Does Jesus hate big-screen TVs?

I had an interesting conversation last night about the houses we as Christians live in, the stuff we have, the money we spend, etc. The person I was speaking with talked about a “conversation” she had heard many times between two pastors. One of them might be called “generous to a fault” – he tended to give away most of what he had. The other saw no issue with using his hard-earned money to purchase personal items. The item used as an example by my fellow coversant was a big-screen TV. big screen tvThe first pastor said that was not of God. The second one disagreed and said it was okay to buy himself a TV. It’s an interesting theological discussion that goes deeper than just whether or not we buy ourselves a TV.

One of the things that prompted this story to be told was a conversation about homes and how we as Christians deal with what we do have, what we could have and maybe, what we should have. Over the course of many years I have felt God nudging me in the area of the “stuff” I have and the “stuff” I dream about having. When I think about the future and I dream about the home Jan and I might someday have, my imagination runs the gamut. One, I think of a nice house with a river behind it and a media room to enjoy movies with my family. Secondly, I think of a simple home with simple amenities. Then, thirdly, I think about a duplex-type home where we could provide a place for people in need to stay for a time and get their feet underneath them. As I consider these options I have to ask, which one does God prefer? which one does God require?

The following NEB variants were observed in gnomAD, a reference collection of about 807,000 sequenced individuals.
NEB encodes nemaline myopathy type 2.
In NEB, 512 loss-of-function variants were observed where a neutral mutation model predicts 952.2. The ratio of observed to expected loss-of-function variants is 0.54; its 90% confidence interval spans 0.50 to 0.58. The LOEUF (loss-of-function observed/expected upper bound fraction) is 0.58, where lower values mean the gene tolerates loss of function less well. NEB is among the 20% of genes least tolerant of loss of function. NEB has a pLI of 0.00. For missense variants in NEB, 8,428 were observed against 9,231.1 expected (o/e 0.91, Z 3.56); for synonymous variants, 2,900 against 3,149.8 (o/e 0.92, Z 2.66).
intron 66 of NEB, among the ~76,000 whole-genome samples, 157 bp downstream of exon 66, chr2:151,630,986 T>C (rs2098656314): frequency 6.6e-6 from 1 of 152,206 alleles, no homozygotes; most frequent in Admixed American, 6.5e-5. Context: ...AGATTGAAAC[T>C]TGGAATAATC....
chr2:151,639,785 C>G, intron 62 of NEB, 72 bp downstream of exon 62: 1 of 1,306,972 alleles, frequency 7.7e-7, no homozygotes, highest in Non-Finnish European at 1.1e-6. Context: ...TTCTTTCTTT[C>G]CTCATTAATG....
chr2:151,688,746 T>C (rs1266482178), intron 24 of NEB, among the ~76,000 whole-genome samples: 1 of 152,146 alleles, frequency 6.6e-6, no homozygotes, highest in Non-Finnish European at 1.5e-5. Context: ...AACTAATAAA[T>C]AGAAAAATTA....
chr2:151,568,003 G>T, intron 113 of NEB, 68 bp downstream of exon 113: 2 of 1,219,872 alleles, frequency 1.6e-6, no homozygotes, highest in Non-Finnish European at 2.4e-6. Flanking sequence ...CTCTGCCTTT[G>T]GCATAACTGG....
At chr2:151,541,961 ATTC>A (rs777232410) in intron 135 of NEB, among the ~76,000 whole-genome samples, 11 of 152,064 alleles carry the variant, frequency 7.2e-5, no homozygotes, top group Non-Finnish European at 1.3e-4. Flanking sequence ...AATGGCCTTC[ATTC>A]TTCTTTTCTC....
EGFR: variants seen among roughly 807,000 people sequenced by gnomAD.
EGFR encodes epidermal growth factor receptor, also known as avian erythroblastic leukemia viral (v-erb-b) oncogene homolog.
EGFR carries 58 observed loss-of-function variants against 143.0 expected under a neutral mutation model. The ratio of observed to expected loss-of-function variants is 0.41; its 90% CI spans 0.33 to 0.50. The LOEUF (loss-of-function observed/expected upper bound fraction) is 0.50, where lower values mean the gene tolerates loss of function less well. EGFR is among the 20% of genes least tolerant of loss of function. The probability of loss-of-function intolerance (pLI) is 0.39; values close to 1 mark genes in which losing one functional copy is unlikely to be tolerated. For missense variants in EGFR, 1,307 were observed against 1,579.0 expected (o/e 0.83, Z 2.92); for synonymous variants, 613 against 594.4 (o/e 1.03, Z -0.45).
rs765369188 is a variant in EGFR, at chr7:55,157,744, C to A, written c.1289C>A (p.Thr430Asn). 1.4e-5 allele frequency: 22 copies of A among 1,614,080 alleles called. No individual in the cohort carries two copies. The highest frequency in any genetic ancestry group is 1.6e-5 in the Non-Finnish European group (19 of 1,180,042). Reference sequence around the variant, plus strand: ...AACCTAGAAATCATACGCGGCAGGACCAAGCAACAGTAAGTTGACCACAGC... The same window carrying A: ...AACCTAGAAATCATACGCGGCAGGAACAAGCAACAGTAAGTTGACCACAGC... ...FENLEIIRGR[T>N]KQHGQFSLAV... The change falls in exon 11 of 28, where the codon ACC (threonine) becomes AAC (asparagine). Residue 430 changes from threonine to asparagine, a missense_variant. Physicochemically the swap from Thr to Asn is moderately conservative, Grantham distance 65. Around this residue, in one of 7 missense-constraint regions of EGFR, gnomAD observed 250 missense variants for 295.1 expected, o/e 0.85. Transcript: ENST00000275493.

In my mind, that last one pleases God the most. The question is, does God hate the other options? Is it only of God to choose option 3? Is it still of God to choose option 2 since it tends toward simplicity? And does option 1 really just make God mad? Can I be a good Christian and choose the nice home?

In the wording of that question comes the answer. Can I be a good Christian… Can I? You see, the question is not just what is of God and what is not. The question is also what would God ask of me? I find that following Jesus and letting the Holy Spirit influence my decisions means that God is going to challenge me, and He may do it in ways he would not challenge you. Consider the issue of what Peter was told he would face and how it was possibly different from what John would face:

17 [Jesus] asked a third time, “Simon son of John, do you love me?”

Peter was sad that Jesus asked him a third time, “Do you love me?” He replied, “Lord, you know everything; you know I love you.”

Jesus said to him, “Feed my sheep. 18 I assure you that when you were younger you tied your own belt and walked around wherever you wanted. When you grow old, you will stretch out your hands and another will tie your belt and lead you where you don’t want to go.” 19 He said this to show the kind of death by which Peter would glorify God. After saying this, Jesus said to Peter, “Follow me.”

20 Peter turned around and saw the disciple whom Jesus loved following them. This was the one who had leaned against Jesus at the meal and asked him, “Lord, who is going to betray you?” 21 When Peter saw this disciple, he said to Jesus, “Lord, what about him?”

22 Jesus replied, “If I want him to remain until I come, what difference does that make to you? You must follow me.”

(John 21:17-22 CEB)